Ratings companies, whose scores have helped determine the costof money for governments and businesses for more than a century,are no longer trusted by the world's biggest investors, accordingto the former head of structured finance at Standard &Poor's.

“They're there because people have to have them, not becausepeople believe in them,” David Jacob, who was fired from S&P inDecember, said in an interview at Bloomberg headquarters in NewYork. “Maybe retail investors do, that's the unfortunate part, butI think institutional investors don't.”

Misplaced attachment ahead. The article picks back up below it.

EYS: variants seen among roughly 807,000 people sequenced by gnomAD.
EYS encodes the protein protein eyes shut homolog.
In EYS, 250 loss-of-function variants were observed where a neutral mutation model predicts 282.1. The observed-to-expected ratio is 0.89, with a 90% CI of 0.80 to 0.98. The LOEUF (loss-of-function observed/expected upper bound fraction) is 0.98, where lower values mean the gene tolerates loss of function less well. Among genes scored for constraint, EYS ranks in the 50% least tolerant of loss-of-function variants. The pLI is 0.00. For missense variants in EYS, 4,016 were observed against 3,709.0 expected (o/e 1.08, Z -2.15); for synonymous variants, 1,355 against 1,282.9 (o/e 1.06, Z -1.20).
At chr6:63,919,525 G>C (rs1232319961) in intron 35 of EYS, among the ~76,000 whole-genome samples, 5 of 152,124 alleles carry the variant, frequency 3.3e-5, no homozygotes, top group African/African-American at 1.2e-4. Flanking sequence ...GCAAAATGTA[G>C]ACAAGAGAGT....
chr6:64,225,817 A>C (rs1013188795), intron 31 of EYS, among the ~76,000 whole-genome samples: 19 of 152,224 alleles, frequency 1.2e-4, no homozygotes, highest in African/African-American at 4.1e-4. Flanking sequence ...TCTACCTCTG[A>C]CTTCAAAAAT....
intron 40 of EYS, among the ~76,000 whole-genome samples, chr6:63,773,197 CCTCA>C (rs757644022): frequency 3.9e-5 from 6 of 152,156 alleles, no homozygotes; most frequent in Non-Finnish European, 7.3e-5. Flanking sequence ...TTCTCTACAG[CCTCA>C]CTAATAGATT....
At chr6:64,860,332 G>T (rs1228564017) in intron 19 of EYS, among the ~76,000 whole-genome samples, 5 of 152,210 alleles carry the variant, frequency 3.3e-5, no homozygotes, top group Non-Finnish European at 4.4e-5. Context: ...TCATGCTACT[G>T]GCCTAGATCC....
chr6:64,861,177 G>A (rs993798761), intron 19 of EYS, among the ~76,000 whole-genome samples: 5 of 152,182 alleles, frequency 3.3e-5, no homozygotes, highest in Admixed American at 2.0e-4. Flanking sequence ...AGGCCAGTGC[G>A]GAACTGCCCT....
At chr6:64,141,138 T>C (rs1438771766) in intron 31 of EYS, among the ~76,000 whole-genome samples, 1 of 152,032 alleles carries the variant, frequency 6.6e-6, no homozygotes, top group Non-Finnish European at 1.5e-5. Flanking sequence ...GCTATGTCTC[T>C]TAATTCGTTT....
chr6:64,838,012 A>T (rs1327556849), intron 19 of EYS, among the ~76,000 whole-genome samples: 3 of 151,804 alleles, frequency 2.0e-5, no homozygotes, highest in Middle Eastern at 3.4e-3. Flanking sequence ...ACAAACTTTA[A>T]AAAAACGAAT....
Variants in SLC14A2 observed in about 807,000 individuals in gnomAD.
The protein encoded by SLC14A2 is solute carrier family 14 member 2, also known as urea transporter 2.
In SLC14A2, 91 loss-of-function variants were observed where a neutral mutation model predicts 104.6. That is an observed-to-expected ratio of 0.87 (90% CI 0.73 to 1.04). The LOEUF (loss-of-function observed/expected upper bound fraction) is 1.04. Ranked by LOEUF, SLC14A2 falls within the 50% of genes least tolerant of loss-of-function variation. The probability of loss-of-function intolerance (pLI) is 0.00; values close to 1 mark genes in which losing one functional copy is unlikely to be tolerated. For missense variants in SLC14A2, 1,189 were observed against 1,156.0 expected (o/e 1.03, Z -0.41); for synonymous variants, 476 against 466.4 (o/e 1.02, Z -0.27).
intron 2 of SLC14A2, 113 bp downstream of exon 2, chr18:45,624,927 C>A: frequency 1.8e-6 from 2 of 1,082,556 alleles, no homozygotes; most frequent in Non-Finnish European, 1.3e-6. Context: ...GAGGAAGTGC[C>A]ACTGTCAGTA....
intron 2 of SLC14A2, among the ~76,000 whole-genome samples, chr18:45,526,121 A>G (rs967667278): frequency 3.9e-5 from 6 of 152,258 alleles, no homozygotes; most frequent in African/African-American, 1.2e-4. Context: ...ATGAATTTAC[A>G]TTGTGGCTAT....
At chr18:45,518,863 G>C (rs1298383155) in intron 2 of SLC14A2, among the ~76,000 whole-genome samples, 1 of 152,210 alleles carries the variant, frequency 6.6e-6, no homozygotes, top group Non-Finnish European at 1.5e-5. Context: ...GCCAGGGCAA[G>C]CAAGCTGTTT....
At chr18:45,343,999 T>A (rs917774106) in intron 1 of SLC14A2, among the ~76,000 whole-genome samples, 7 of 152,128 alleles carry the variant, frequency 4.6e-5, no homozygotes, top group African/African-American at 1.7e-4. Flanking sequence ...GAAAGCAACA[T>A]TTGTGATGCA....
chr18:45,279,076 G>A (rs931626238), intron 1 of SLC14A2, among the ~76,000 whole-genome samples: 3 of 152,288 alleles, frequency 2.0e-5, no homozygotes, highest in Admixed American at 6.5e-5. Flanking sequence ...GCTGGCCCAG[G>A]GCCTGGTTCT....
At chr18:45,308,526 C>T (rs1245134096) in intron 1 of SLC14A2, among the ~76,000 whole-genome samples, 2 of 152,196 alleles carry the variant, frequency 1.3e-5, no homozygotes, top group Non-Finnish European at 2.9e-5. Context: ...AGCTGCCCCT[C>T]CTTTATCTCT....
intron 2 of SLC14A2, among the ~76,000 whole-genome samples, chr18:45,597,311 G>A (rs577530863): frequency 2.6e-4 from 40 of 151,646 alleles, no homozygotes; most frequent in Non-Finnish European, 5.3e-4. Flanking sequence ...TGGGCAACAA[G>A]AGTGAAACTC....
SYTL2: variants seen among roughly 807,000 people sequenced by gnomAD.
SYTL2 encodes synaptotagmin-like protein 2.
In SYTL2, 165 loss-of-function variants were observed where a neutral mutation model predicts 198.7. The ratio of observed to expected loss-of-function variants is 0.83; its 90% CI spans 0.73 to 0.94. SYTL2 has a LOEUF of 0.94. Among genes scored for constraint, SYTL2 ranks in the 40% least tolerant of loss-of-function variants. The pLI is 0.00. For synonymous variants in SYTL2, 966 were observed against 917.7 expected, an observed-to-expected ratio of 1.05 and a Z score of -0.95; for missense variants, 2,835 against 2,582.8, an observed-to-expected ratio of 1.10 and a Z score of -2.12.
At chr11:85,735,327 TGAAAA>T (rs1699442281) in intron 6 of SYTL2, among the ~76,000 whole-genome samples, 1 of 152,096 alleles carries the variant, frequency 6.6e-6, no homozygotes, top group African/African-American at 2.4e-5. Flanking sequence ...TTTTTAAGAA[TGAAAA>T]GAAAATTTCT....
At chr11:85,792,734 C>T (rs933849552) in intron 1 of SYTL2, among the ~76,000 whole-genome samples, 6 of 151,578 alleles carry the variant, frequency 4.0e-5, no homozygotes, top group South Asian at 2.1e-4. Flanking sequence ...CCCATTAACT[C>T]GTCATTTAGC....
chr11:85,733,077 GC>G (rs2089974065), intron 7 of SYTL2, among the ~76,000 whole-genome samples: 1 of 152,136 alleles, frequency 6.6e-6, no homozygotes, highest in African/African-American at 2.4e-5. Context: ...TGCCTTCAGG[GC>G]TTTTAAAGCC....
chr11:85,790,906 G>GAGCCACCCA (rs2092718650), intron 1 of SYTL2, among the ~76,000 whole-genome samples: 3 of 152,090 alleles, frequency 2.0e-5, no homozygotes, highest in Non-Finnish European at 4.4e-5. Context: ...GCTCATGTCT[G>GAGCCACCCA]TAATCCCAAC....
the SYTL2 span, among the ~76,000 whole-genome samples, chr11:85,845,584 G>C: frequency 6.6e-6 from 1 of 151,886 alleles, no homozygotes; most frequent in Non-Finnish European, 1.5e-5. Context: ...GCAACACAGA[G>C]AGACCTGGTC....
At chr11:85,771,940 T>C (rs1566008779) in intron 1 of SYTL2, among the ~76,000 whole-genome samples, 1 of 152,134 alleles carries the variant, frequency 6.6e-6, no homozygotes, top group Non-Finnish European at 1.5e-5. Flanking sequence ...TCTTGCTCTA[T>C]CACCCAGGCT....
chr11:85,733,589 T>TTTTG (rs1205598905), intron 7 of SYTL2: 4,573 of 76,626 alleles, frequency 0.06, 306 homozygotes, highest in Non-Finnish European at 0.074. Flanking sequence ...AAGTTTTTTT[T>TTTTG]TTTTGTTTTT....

After helping ignite the worst financial crisis since the GreatDepression by inflating grades on securities backed by subprimemortgages, the ratings firms' reputations are being diminishedfurther in the bond market. When S&P downgraded the U.S.government in August, Treasury yields fell to record lows, and thecost of protecting financial debt declined following last month'sdowngrades of 15 global investment banks by Moody's InvestorsService.

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